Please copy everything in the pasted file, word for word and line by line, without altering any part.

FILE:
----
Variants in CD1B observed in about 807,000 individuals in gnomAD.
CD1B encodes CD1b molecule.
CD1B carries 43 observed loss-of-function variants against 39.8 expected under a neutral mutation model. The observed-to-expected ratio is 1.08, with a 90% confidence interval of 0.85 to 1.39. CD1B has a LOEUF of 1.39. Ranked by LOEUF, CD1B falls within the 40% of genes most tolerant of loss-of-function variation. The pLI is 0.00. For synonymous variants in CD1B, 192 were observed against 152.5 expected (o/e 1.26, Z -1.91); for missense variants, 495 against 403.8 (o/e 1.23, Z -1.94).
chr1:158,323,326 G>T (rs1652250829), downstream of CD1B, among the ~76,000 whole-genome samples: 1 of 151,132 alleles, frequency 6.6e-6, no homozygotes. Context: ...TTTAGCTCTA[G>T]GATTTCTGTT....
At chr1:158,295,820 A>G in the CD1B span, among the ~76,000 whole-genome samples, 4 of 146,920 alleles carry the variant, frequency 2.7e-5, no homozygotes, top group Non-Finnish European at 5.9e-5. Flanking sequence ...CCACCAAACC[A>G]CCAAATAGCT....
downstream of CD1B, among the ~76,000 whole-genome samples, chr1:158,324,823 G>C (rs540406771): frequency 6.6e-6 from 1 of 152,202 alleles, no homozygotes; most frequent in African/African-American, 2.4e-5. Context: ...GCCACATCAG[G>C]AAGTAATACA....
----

Variants in CD1B observed in about 807,000 individuals in gnomAD.
CD1B encodes CD1b molecule.
CD1B carries 43 observed loss-of-function variants against 39.8 expected under a neutral mutation model. The observed-to-expected ratio is 1.08, with a 90% confidence interval of 0.85 to 1.39. CD1B has a LOEUF of 1.39. Ranked by LOEUF, CD1B falls within the 40% of genes most tolerant of loss-of-function variation. The pLI is 0.00. For synonymous variants in CD1B, 192 were observed against 152.5 expected (o/e 1.26, Z -1.91); for missense variants, 495 against 403.8 (o/e 1.23, Z -1.94).
chr1:158,323,326 G>T (rs1652250829), downstream of CD1B, among the ~76,000 whole-genome samples: 1 of 151,132 alleles, frequency 6.6e-6, no homozygotes. Context: ...TTTAGCTCTA[G>T]GATTTCTGTT....
At chr1:158,295,820 A>G in the CD1B span, among the ~76,000 whole-genome samples, 4 of 146,920 alleles carry the variant, frequency 2.7e-5, no homozygotes, top group Non-Finnish European at 5.9e-5. Flanking sequence ...CCACCAAACC[A>G]CCAAATAGCT....
downstream of CD1B, among the ~76,000 whole-genome samples, chr1:158,324,823 G>C (rs540406771): frequency 6.6e-6 from 1 of 152,202 alleles, no homozygotes; most frequent in African/African-American, 2.4e-5. Context: ...GCCACATCAG[G>C]AAGTAATACA....